Like HowStuffWorks on Facebook!

How Virtual Reality Military Applications Work


Other Applications
The Dragon Battlefield Visualization System
The Dragon Battlefield Visualization System

Another application of virtual environments in the military is battlefield visualization. Battlefield visualization is vital when determining combat strategies in real time. It's also a key element in the training regimen of commanding officers. It helps commanders assess their options before making decisions that could put soldiers in harm's way.

Tools like Google Earth and SketchUp make creating three-dimensional maps easy and inexpensive. Today, military officials can explore a three-dimensional model of an area, viewing it from any angle while formulating strategies and looking for potential logistical problems.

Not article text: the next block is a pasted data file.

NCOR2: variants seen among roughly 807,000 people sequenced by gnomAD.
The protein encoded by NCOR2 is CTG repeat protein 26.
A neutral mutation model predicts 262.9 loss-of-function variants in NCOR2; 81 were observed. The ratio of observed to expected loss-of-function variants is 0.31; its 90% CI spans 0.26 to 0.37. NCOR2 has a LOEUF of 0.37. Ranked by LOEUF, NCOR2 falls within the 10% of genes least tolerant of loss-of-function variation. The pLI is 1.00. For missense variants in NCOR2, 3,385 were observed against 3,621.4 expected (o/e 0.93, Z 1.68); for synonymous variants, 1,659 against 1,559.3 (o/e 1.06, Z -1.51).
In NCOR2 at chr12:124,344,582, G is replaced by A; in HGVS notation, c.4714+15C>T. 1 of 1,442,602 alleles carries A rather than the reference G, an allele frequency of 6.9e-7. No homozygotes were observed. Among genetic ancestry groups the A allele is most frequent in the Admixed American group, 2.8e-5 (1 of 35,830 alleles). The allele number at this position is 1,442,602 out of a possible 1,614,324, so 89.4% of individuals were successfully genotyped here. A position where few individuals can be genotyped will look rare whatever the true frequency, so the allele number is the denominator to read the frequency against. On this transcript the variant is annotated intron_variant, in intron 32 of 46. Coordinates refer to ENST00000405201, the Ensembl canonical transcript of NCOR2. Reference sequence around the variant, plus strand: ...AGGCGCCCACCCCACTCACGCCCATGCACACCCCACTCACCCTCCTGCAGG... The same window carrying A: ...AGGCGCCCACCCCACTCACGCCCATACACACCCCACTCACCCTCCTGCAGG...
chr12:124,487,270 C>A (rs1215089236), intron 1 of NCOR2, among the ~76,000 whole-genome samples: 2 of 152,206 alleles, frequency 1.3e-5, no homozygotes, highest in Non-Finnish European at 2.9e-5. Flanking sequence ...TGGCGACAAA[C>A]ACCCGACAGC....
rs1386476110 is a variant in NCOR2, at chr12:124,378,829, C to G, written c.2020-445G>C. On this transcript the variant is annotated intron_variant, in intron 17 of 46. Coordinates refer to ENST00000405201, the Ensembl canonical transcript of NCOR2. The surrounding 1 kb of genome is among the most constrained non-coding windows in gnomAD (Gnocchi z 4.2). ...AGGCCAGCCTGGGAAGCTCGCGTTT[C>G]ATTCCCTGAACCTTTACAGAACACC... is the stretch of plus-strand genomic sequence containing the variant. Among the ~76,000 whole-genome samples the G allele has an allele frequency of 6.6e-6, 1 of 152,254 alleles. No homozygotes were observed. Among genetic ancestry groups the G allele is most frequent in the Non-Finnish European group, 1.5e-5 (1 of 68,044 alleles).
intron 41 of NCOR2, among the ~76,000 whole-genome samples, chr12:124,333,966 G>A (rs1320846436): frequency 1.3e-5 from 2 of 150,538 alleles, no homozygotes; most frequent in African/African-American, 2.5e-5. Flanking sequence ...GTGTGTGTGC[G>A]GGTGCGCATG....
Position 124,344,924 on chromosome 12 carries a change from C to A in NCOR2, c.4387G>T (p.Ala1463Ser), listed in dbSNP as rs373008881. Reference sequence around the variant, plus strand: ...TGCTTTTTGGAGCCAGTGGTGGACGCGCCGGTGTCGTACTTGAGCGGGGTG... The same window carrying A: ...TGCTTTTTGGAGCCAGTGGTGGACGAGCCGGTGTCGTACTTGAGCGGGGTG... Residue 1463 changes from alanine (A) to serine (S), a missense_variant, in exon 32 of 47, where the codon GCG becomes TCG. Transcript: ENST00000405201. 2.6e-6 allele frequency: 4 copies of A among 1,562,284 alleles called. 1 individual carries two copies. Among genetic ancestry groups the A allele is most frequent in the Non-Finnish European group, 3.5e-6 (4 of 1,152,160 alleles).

The military has explored using a VR workbench as a display technology for battlefield visualization. The viewer wears a pair of special goggles that create the illusion of depth, so that the images displayed on the workbench appear to be three dimensional. Multiple users can view the same display at once, assuming they're all wearing the special goggles.

As personal computers and graphics cards become more powerful, the need for specialized display technology decreases. Today, a high-powered laptop can meet much of the military's needs for visualization. The military has found that it can adapt many commercial software and hardware packages for its own needs. You don't get the same level of immersion when working with a personal computer as you would with a dedicated VR system, but the computers are much less expensive and easy to network.

The military also uses virtual environments to prepare soldiers for emergencies. For example, the Navy Research Laboratory has the Virtual Environment Training Technology program. In this program, the Navy trains sailors how to deal with shipboard fires using a virtual environment. The program is still in the validation process, and many Navy officials hope it will allow sailors to train in dangerous techniques in a safe, controlled environment.

To learn more about virtual reality and its applications, check out the links on the next page.